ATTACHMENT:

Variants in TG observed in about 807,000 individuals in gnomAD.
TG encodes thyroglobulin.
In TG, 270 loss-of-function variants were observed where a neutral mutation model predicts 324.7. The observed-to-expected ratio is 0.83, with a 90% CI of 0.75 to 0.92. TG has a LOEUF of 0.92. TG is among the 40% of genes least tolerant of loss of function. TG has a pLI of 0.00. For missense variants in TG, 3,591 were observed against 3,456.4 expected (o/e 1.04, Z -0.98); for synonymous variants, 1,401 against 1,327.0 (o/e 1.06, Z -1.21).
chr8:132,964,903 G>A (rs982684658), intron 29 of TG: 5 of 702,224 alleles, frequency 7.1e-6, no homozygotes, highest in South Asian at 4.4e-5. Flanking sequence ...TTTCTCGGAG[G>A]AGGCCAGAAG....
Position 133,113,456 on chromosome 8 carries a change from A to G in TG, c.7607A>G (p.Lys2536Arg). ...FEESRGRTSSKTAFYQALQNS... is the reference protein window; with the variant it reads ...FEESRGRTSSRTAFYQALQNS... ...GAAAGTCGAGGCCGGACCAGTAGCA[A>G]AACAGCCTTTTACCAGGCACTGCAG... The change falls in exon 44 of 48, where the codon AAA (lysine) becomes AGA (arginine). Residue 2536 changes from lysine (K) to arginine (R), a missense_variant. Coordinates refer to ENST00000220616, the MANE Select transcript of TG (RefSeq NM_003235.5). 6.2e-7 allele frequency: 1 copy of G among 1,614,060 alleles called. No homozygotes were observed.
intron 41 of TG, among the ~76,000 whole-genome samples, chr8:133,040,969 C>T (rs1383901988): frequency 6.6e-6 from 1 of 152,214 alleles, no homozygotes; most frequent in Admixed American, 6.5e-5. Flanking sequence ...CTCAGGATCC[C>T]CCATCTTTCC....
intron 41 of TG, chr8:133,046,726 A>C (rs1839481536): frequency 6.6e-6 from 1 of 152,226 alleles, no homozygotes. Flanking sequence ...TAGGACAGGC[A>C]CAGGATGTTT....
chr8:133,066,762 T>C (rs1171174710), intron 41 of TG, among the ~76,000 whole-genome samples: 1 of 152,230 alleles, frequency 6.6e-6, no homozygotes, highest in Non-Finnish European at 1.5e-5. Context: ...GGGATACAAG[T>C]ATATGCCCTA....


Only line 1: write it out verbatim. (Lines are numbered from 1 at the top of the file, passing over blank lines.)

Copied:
Variants in TG observed in about 807,000 individuals in gnomAD.